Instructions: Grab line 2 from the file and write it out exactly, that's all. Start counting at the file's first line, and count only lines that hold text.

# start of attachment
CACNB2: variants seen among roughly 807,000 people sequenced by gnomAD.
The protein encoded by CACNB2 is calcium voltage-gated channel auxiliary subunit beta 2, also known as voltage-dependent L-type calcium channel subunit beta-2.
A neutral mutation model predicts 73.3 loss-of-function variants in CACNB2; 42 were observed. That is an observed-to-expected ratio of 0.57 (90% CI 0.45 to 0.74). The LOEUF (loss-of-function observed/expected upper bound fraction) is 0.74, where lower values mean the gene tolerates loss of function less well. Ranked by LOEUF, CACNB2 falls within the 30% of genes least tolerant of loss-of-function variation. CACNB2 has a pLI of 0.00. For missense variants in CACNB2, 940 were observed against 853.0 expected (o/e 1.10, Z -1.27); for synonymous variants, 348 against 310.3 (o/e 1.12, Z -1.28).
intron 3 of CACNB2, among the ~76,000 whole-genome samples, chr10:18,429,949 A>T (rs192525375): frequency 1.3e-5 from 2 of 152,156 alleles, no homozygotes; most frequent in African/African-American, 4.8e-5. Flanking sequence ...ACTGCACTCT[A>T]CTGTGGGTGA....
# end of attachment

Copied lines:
The protein encoded by CACNB2 is calcium voltage-gated channel auxiliary subunit beta 2, also known as voltage-dependent L-type calcium channel subunit beta-2.